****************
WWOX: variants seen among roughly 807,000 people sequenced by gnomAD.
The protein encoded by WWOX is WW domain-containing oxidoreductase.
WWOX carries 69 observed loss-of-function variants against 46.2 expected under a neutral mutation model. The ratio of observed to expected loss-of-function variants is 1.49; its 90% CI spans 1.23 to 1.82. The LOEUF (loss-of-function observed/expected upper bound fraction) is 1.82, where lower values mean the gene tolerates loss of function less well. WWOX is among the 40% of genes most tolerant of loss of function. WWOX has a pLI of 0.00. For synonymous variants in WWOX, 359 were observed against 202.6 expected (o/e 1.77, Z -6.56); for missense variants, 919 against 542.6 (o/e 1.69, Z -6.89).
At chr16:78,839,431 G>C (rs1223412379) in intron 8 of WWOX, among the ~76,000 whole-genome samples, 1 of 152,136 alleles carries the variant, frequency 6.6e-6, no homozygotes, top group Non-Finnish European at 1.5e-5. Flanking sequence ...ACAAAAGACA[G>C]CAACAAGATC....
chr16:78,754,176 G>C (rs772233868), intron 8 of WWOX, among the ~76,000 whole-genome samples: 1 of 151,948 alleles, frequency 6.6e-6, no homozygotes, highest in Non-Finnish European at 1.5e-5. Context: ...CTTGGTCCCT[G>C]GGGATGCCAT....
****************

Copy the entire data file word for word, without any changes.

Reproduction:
WWOX: variants seen among roughly 807,000 people sequenced by gnomAD.
The protein encoded by WWOX is WW domain-containing oxidoreductase.
WWOX carries 69 observed loss-of-function variants against 46.2 expected under a neutral mutation model. The ratio of observed to expected loss-of-function variants is 1.49; its 90% CI spans 1.23 to 1.82. The LOEUF (loss-of-function observed/expected upper bound fraction) is 1.82, where lower values mean the gene tolerates loss of function less well. WWOX is among the 40% of genes most tolerant of loss of function. WWOX has a pLI of 0.00. For synonymous variants in WWOX, 359 were observed against 202.6 expected (o/e 1.77, Z -6.56); for missense variants, 919 against 542.6 (o/e 1.69, Z -6.89).
At chr16:78,839,431 G>C (rs1223412379) in intron 8 of WWOX, among the ~76,000 whole-genome samples, 1 of 152,136 alleles carries the variant, frequency 6.6e-6, no homozygotes, top group Non-Finnish European at 1.5e-5. Flanking sequence ...ACAAAAGACA[G>C]CAACAAGATC....
chr16:78,754,176 G>C (rs772233868), intron 8 of WWOX, among the ~76,000 whole-genome samples: 1 of 151,948 alleles, frequency 6.6e-6, no homozygotes, highest in Non-Finnish European at 1.5e-5. Context: ...CTTGGTCCCT[G>C]GGGATGCCAT....